In the first part of this series I wrote about how unit prices, resident age and income are data points for high-rise buyers to consider before purchasing their castle in the sky. The reason for these calculations is to better understand if a building matches a buyer’s philosophy. Of course this information doesn’t produce a complete picture. It’s also incumbent on any buyer to meet with the building manager of any high-rise under consideration to understand the personality and finances of the building. But much like employment references where many are non-committal rather than honest, it may require astute reading between the lines.
Younger buyers may be more open to change, maintenance, and improvements. But they may also have economic constraints the further away they are from peak-earning years. Meaning that buildings with high proportions of owners in their 20s and 30s may suffer from the same economic paralysis as buildings with majorities in their 70s and 80s. The difference being the younger building will WANT to do new things but can’t.
So, how do you find a building with a sweet spot age range? Jump for more.
Calculating The Youngest
There are a few measurements needed to arrive at the “youngest” buildings. One metric (above) catalogs the buildings with the most homesteads (primary residences) NOT claiming the “Over 65” exemption. For many, this may be all they need. But there is nuance gained from tapping additional measurements.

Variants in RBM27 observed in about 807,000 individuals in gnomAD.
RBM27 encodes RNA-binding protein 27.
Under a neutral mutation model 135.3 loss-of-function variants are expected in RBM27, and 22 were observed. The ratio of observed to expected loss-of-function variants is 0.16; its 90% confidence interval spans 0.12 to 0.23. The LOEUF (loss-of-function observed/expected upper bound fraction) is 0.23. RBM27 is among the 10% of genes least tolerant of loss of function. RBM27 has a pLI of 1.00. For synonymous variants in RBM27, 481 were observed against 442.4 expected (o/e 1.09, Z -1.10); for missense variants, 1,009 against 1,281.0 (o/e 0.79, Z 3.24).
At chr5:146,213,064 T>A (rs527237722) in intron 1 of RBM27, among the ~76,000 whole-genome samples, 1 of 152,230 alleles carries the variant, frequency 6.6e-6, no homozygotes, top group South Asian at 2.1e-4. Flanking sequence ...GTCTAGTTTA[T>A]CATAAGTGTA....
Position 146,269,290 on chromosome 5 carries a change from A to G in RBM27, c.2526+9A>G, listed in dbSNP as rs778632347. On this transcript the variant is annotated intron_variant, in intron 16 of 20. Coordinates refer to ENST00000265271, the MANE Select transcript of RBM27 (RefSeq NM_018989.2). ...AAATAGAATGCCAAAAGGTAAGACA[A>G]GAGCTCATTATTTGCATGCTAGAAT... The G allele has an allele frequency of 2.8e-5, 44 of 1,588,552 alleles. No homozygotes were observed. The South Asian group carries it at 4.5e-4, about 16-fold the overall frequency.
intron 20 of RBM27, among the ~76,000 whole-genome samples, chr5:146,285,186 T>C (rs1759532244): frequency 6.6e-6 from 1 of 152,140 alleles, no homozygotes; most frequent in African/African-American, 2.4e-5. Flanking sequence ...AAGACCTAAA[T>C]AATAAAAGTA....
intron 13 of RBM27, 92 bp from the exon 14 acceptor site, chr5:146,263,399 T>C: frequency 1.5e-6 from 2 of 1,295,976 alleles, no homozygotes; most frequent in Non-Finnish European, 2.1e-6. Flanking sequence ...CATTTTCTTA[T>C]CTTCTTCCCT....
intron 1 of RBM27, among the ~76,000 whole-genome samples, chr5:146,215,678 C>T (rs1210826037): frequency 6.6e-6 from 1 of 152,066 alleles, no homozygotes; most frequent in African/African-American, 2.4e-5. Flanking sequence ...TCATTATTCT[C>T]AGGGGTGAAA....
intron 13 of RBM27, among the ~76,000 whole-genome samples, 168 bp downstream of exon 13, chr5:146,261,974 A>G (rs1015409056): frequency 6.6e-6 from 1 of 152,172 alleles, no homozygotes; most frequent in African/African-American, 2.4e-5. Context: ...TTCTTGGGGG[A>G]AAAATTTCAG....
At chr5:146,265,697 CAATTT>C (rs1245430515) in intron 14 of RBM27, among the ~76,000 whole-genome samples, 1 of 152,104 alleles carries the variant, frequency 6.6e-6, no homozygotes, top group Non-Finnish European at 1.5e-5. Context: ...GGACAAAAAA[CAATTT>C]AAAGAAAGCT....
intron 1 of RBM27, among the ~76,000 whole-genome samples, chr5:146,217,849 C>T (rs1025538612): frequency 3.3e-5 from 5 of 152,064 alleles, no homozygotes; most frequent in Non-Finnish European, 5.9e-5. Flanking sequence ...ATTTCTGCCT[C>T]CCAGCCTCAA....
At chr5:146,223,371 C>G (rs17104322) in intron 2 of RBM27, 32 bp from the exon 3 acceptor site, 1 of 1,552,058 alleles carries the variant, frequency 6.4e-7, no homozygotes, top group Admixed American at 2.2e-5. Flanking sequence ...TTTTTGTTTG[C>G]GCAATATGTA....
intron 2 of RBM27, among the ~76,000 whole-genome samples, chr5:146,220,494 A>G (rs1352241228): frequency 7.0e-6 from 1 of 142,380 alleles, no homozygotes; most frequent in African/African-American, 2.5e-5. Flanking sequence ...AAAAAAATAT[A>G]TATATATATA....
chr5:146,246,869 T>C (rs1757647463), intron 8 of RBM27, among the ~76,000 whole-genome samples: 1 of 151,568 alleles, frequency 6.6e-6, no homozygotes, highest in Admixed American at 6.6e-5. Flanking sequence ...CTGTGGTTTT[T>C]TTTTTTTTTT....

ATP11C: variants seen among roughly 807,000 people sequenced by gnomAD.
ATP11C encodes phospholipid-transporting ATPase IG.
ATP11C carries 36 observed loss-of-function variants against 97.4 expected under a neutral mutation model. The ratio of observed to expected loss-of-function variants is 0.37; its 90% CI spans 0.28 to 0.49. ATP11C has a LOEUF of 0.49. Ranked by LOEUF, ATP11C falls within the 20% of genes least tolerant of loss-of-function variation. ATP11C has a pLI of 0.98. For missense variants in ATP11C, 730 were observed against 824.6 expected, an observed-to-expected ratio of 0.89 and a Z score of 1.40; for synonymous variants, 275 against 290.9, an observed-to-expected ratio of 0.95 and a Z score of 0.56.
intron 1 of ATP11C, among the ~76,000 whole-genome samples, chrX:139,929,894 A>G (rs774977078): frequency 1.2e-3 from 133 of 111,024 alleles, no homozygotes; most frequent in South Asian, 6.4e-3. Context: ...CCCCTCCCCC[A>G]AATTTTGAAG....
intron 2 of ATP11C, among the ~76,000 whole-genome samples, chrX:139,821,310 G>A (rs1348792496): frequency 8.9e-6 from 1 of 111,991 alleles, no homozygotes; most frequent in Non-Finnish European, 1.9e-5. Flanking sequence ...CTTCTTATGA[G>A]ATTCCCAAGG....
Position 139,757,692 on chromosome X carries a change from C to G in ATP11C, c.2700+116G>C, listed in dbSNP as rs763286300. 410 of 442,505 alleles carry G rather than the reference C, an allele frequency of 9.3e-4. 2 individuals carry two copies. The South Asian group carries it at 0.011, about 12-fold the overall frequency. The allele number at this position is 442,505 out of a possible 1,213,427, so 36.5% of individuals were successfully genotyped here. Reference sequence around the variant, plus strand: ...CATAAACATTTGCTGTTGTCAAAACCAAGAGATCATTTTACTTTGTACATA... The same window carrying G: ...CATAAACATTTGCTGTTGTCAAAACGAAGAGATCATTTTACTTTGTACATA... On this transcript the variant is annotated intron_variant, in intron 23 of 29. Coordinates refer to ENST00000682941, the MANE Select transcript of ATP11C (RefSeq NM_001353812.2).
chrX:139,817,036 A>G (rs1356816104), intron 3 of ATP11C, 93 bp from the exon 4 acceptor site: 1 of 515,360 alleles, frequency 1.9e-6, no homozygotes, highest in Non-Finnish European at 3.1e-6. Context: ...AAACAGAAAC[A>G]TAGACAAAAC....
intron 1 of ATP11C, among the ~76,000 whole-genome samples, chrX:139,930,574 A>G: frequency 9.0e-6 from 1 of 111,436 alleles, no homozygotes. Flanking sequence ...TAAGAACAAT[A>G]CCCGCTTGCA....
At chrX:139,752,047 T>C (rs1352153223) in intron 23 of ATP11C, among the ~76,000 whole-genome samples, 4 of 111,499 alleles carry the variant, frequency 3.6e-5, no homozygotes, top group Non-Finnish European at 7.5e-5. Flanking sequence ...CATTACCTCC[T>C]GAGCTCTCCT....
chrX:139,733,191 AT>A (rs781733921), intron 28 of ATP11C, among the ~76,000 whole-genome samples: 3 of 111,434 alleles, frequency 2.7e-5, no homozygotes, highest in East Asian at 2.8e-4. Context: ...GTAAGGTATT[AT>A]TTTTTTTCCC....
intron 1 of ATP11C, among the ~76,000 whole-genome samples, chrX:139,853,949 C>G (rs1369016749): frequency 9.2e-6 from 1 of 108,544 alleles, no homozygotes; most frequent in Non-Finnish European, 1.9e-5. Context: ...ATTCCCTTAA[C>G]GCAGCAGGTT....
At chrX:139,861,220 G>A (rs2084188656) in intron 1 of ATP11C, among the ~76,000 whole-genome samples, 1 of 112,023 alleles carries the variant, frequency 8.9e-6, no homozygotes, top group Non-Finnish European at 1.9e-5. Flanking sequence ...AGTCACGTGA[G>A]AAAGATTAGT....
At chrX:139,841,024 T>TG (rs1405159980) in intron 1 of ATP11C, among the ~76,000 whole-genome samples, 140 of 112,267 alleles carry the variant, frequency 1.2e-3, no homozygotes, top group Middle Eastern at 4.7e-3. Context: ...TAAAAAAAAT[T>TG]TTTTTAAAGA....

As you can see below, by also measuring the buildings with the lowest percentage of owners claiming both the homestead and “over 65” exemptions, more detail appears. For example, we see that SOCO Urban Lofts has the most homestead owners under 65 years old AND one of the lowest percentages of owners claiming the “over 65” exemption. (Looks good, right?)
But there’s a third measurement to consider. What percentage of owners are not homestead owners? In the case of SOCO Urban Lofts, 41% of owners do not consider it their primary residence. The most likely reasons for not listing a property as a homestead are because an owner’s actual primary residence is worth more resulting in a larger tax break (a city pad for a couple from Lewisville) OR it’s an investment unit (rental).